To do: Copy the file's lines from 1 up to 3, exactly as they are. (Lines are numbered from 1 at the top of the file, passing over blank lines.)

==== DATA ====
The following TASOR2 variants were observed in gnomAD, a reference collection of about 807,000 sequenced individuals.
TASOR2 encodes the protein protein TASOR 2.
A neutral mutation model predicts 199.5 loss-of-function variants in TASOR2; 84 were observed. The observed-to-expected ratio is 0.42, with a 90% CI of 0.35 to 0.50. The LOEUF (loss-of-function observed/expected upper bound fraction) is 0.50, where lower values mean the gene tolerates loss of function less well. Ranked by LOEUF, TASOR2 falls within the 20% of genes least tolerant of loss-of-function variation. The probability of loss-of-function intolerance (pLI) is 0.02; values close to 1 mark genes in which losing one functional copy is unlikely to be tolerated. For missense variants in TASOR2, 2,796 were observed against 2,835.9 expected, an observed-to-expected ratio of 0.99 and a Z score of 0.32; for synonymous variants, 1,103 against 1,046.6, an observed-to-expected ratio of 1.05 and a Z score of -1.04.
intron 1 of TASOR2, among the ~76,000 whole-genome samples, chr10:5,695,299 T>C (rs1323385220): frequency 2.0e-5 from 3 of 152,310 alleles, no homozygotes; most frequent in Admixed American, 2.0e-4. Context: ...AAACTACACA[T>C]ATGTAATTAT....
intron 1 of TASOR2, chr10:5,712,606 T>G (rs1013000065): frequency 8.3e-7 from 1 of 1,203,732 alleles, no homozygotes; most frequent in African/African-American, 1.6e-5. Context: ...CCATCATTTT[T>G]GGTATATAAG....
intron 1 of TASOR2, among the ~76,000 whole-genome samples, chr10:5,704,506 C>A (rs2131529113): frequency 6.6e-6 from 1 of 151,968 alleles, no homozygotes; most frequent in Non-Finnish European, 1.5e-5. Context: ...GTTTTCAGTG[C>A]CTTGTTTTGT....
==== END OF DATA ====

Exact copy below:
The following TASOR2 variants were observed in gnomAD, a reference collection of about 807,000 sequenced individuals.
TASOR2 encodes the protein protein TASOR 2.
A neutral mutation model predicts 199.5 loss-of-function variants in TASOR2; 84 were observed. The observed-to-expected ratio is 0.42, with a 90% CI of 0.35 to 0.50. The LOEUF (loss-of-function observed/expected upper bound fraction) is 0.50, where lower values mean the gene tolerates loss of function less well. Ranked by LOEUF, TASOR2 falls within the 20% of genes least tolerant of loss-of-function variation. The probability of loss-of-function intolerance (pLI) is 0.02; values close to 1 mark genes in which losing one functional copy is unlikely to be tolerated. For missense variants in TASOR2, 2,796 were observed against 2,835.9 expected, an observed-to-expected ratio of 0.99 and a Z score of 0.32; for synonymous variants, 1,103 against 1,046.6, an observed-to-expected ratio of 1.05 and a Z score of -1.04.